We’re going to, once again, start this post off with a collective siiiiigh. It can be a sigh of disappointment, of incredulity, or of embarrassment in our federal justice system–your choice.
Federal prosecutors say they want to see Rentboy CEO Jeffrey Hurant locked away for promoting prostitution.
Just to recap: In August 2015, 51-year-old Hurant and six of his employees were arrested during a sting operation in Manhattan. Hurant was charged with promoting prostitution, as well as two other money laundering charges. He pled guilty to the charges in October 2016.
Now, nearly two years after his initial arrest, Hurant is finally scheduled to be sentenced this Friday. His lawyers asked he be spared any jail time because his business promoted an “image of positivity and pride in gay sexuality.”
They also said that Hurant had numerous consultations with lawyers over the years about how to operate his business legally, and noted the positive benefits Rentboy.com provided sex workers, including doing away with pimps looking to make money off of gay sex transactions and prohibiting underage escorts.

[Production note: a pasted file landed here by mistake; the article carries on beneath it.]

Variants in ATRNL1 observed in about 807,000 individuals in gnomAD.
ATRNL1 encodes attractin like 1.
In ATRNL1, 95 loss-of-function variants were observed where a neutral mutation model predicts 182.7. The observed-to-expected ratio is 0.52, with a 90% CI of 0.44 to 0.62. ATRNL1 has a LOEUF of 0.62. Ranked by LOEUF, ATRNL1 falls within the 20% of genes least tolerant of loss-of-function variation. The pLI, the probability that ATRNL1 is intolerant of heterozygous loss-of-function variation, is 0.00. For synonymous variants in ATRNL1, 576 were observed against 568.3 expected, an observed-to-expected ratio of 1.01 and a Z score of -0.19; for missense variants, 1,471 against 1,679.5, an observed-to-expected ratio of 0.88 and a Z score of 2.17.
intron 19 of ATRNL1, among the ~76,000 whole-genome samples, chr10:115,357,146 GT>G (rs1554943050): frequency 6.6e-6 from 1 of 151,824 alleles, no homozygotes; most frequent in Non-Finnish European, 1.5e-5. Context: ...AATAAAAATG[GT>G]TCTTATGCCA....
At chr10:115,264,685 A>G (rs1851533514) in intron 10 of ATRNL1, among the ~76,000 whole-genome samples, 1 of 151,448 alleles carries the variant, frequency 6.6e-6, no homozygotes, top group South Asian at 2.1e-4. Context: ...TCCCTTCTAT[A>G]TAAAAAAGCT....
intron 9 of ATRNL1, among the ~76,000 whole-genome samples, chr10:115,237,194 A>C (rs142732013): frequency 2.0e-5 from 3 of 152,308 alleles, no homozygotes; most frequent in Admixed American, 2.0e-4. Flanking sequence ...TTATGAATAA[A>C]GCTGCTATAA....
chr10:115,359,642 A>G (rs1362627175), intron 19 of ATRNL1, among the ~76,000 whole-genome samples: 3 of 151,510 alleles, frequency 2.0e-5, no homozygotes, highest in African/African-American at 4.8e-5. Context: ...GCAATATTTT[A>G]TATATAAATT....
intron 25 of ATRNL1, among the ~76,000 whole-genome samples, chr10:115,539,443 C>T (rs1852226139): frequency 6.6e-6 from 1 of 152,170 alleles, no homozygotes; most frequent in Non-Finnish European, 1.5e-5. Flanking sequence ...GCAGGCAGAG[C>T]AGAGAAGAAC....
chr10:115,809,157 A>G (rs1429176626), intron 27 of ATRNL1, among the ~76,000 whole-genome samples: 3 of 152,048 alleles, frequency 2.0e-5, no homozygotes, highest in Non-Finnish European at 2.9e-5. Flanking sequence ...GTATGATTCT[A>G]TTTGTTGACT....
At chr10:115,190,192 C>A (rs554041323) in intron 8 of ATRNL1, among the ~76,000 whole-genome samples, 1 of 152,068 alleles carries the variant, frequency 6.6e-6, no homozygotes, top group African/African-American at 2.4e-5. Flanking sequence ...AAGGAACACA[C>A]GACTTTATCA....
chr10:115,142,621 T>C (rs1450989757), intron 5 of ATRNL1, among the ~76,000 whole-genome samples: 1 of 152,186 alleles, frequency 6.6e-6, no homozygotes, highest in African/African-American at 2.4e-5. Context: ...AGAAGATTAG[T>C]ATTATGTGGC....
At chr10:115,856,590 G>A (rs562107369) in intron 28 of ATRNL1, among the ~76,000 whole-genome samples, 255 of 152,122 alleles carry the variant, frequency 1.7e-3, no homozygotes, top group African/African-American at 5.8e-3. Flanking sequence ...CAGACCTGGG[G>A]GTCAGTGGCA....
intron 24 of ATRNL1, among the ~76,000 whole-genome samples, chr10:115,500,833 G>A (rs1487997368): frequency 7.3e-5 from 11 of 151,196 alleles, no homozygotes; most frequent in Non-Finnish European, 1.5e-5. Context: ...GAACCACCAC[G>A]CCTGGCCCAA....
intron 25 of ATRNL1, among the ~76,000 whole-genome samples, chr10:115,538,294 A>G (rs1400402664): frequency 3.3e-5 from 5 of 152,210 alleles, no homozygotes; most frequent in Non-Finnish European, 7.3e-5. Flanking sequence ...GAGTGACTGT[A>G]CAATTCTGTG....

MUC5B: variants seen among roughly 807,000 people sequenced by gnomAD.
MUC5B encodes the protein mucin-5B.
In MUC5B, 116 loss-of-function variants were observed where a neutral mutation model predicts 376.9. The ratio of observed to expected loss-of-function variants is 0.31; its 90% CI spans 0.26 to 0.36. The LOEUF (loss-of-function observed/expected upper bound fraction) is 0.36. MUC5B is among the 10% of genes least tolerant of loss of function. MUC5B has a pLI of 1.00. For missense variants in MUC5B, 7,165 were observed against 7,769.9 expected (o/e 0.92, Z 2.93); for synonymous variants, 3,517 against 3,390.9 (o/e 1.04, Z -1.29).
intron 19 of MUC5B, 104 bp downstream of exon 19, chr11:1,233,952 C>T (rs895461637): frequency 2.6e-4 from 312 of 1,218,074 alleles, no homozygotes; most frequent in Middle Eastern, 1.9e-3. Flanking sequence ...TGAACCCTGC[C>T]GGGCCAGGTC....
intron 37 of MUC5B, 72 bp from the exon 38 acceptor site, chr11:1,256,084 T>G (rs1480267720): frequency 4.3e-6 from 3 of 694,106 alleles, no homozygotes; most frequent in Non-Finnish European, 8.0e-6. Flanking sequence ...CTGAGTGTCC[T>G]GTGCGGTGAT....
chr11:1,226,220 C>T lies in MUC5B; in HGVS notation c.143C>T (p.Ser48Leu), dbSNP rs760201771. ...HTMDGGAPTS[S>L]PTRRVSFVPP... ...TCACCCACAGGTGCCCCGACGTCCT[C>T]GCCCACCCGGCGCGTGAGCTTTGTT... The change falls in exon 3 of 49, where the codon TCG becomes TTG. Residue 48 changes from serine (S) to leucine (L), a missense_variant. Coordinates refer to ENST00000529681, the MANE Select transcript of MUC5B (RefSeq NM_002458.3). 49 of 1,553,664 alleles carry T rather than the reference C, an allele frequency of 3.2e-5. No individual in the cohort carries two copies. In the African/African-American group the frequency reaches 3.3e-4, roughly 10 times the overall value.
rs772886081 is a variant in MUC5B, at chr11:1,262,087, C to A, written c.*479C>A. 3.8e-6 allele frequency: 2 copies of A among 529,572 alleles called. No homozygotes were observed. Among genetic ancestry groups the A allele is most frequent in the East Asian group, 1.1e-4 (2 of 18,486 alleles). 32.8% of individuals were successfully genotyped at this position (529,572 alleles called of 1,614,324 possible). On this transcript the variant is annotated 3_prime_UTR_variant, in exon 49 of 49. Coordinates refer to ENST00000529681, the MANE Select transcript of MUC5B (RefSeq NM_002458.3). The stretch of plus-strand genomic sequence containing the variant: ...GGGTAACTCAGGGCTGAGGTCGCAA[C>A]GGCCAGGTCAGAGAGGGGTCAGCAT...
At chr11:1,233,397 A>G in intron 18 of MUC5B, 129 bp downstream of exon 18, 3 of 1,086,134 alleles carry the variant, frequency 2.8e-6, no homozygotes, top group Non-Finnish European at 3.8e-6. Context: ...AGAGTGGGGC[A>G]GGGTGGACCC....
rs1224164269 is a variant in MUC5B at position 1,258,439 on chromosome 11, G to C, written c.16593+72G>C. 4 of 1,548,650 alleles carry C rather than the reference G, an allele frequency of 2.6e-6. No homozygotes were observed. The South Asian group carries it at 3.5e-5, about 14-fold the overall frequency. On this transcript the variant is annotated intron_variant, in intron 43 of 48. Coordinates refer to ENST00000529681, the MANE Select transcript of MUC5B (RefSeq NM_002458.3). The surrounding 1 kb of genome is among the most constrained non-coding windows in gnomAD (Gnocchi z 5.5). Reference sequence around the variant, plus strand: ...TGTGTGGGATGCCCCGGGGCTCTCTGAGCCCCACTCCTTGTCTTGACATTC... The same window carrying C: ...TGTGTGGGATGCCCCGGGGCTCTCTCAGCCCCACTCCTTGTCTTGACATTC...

But prosecutors want to make a lesson out of Hurant. They insist he ran “one of the largest prostitution enterprises” and that he made millions off of the backs of illegal sex workers and he deserves to be locked away for it.
“His role as Rentboy.com’s CEO was anything but humble,” prosecutors say. “Hurant made over $300,000 annually from Rentboy.com, a sum of money that any number of criminals would envy.”
They also called Hurant’s bluff on the whole eliminating pimps from gay sex claim, saying the site “continued to deal with pimps and escort agencies until it was closed.”
Meanwhile, supporters of Hurant have long claimed he has been unfairly targeted because Rentboy.com featured gay sex.
U.S. District Judge Margo Brodie will ultimately decide what the punishment will be. Sentencing guidelines, prosecutors say, recommend 15 to 21 months.
Prosecutors are pushing very hard for those 15-20 months.
“Without actual punishment in this case,” they said, “the operators of those websites will likely conclude that . . . they can expect only a slap on the wrist, hardly the type of punishment that would dissuade someone from the significant money that can be obtained through this type of criminal activity.”